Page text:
Gavin Newsom on Shaky Ground Six Weeks Out From California Recall Election

Gavin Newsom has six weeks remaining before he defends his office in California's upcoming gubernatorial recall election, and recent polling indicates voters are split on whether to keep him for the remainder of his term or elect a replacement.

If Newsom defeats the recall effort, he will remain in office and get the opportunity to run for a second term in the 2022 midterm election. But if more than 50 percent of California voters cast their ballots in favor of removing the Democrat from office, the recall candidate who receives the greatest number of votes will replace him and run the state until the midterms.

Newsom has faced six recall efforts since he was elected with 61.9 percent of the vote in 2018, but the current petition is the only one that qualified for a ballot. The petition was launched by Recall Gavin Newsom, a group led by former Yolo County Sheriff's Office Sergeant Orrin Heatlie, and collected more than 2 million signatures by its mid-March deadline.

State officials determined recall organizers succeeded in collecting at least 1,495,709 valid signatures, the minimum number needed to trigger a recall election for Newsom. The state's lieutenant governor set September 14 as the recall election date, and California Secretary of State Shirley Weber released a list last month of 46 candidates who qualified to challenge Newsom for his seat.

Only one California governor has been recalled from office in the state's history. In October 2003, 55.4 percent of voters cast their ballots in favor of removing Democratic Governor Gray Davis. Davis was replaced by Arnold Schwarzenegger, a Republican, who received more votes than any of the other more than 100 recall candidates.

Gavin Newsom recall election
California Governor Gavin Newsom has six weeks remaining until he defends his office in a statewide recall election scheduled to take place on September 14. Above, Newsom hosts a press conference for California's official reopening at Universal Studios Hollywood on June 15, 2021 in Universal City, California. Alberto E. Rodriguez/Getty Images

As September's recall election inches closer, Newsom and his challengers are hitting the campaign trail and urging voters to participate. According to polls released last week, voters are relatively split on whether they want Newsom to remain in office. Newsom's Stop the Republican Recall campaign acknowledged the recent polling numbers were not ideal in fundraising emails sent to voters last week.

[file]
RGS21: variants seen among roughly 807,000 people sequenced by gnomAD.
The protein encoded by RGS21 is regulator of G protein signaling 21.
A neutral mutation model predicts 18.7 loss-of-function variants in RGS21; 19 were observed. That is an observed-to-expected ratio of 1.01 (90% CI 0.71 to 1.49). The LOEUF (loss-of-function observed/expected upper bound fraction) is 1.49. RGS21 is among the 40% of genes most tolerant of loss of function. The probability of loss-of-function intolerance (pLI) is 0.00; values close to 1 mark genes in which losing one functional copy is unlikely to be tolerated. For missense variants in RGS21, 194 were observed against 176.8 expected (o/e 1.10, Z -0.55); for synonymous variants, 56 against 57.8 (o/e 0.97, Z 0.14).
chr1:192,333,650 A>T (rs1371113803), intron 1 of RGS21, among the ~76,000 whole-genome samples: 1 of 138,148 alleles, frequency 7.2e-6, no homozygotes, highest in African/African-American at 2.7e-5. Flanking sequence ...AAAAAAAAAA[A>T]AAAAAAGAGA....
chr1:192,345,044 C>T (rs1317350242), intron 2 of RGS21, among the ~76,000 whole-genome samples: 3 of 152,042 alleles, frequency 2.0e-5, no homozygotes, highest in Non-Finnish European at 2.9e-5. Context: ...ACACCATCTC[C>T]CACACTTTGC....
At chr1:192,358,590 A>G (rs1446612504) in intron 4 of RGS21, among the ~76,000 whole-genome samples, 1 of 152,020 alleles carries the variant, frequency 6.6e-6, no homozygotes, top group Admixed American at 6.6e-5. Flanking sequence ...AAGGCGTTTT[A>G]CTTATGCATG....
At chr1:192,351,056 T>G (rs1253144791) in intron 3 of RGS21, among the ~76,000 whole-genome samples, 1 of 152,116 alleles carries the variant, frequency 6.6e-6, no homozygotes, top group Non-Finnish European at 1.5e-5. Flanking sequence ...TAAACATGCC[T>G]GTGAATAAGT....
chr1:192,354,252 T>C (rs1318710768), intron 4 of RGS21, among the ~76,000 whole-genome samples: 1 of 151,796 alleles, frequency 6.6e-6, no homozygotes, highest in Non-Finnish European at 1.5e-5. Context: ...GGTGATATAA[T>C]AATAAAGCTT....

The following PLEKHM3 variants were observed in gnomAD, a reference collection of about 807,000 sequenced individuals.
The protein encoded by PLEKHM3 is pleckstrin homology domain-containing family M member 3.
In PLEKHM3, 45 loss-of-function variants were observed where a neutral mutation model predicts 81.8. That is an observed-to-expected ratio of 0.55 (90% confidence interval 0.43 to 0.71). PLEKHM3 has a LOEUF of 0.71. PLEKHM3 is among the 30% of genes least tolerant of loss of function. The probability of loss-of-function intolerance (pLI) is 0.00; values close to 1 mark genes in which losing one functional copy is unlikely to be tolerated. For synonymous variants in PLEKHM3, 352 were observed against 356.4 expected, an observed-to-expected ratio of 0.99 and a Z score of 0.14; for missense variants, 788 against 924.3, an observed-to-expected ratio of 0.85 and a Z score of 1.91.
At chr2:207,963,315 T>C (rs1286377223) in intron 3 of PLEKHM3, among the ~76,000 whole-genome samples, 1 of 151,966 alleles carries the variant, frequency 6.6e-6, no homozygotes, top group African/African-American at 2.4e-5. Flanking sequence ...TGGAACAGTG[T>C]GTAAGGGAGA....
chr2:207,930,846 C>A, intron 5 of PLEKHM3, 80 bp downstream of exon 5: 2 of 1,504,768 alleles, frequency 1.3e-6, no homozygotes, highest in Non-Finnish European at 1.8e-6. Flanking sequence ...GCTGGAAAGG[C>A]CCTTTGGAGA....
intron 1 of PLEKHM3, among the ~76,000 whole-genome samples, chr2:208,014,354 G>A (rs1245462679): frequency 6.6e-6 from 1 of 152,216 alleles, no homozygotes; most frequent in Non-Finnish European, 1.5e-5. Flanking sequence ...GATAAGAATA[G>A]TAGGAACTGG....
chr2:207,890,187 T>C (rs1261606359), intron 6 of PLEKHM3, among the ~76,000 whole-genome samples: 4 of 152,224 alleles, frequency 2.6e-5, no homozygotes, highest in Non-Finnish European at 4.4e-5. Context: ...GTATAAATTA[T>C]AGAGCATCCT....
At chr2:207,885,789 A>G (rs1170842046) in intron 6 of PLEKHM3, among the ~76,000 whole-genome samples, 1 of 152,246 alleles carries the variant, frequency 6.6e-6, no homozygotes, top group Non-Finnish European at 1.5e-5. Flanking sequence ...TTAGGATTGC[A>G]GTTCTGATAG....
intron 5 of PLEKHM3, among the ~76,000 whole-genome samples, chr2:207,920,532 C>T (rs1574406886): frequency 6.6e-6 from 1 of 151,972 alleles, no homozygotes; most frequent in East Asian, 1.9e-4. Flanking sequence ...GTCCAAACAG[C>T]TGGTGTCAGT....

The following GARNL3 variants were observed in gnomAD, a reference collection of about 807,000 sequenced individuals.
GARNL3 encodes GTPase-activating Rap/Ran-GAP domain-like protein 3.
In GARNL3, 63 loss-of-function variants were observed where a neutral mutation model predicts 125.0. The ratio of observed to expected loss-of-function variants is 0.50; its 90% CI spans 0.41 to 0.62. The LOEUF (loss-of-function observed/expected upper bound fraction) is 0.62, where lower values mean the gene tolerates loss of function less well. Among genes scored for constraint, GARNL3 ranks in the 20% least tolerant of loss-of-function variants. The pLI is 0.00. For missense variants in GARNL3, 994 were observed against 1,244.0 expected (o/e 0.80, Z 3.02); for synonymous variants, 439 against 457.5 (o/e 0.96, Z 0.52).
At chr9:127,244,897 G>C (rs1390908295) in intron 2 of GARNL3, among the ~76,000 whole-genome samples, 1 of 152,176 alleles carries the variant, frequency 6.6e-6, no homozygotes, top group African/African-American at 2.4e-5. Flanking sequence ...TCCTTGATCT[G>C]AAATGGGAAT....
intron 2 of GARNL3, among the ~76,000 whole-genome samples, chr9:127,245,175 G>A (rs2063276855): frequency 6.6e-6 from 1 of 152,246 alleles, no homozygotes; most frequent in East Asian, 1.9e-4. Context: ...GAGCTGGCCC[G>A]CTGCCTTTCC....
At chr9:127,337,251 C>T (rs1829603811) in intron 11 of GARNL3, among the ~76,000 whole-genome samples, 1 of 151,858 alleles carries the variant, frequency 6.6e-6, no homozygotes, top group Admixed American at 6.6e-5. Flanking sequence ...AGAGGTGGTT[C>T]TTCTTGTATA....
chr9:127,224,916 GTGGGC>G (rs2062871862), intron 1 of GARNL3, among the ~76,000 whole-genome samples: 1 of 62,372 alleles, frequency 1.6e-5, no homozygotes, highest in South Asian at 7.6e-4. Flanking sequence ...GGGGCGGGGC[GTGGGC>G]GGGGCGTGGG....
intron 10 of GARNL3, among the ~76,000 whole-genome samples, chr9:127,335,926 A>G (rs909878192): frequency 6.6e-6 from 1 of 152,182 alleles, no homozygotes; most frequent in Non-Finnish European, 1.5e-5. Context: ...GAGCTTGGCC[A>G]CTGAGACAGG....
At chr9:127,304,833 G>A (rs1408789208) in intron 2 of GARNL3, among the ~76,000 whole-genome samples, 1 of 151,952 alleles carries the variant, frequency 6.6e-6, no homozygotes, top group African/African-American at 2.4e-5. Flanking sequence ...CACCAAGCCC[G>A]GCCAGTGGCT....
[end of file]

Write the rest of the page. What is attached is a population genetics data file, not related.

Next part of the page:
"Let us be very direct and very honest: if we do not have the resources we need to turn out our voters, we could lose this recall," Stop the Republican Recall wrote in one email distributed on July 28.

The campaign cited poll results released on July 27 by the University of California Berkeley Institute of Governmental Studies (IGS). In that survey, 50 percent of respondents who were identified by pollsters as most likely to vote in the recall election said they preferred to keep Newsom in office, but 47 percent said they wanted him recalled.

"We can't afford to lose this recall," Newsom's campaign concluded in its fundraising message. "The stakes are too high."

Though nearly half of motivated voters told pollsters they wanted Newsom out of office, only 36 percent of all polled voters said they wanted the recall election to be successful. That percentage has remained consistent through earlier Berkeley IGS polls conducted in January and April. Meanwhile, 51 percent of the full group of respondents said they wanted Newsom to remain governor—a 6 percent increase over the institute's January poll.

Another change the Berkeley IGS poll documented was the decline in undecided voters. While 19 percent of survey respondents told pollsters in January—nearly two months before the recall organizers hit their signature collection deadline—they weren't sure if they wanted the recall to succeed or not, only 3 percent of respondents were undecided in the institute's latest poll.

A few days before Berkeley IGS released its July poll results, another poll conducted by Emerson College for Inside California Politics found 48 percent of voters wanted to keep Newsom in office, while 43 percent said they wanted him recalled.

After the Emerson College poll results were released, Newsom campaign spokesperson Nathan Click told Newsweek the governor's team was encouraging Californians to prepare to vote so Democrats could put a stop to the "Republican recall."

"Democrats can't get complacent—we have to vote," Click said. "If Californians vote, we win."

As Newsom's team works to raise awareness about the special election, several of the recall candidates are similarly visiting with voters to explain why they believe they are the best person to lead California.

Of the 46 candidates who will be on the ballot, conservative radio host Larry Elder led the pack in both the Berkeley IGS and Emerson College polls. Businessman John Cox and former San Diego Mayor Kevin Faulconer tied for second place in each poll—followed by fellow Republicans Kevin Kiley, a state lawmaker; and Caitlyn Jenner, a reality television personality.

While recall organizers credited the restrictions Newsom introduced in response to the coronavirus pandemic as key to fueling signature-collection efforts, the virus is one of many topics of interest among Newsom's challengers, who also focus on issues like homelessness and wildfire prevention.

But voter turnout among Democrats is ultimately expected to be the deciding factor in the recall election, Berkeley IGS co-director Eric Schickler said at the time of the institute's July poll release.

"These results make plain that the big question surrounding the recall will be whether the Newsom campaign and Democratic activists are able to get Democratic voters more engaged and interested in voting in September," Schickler said.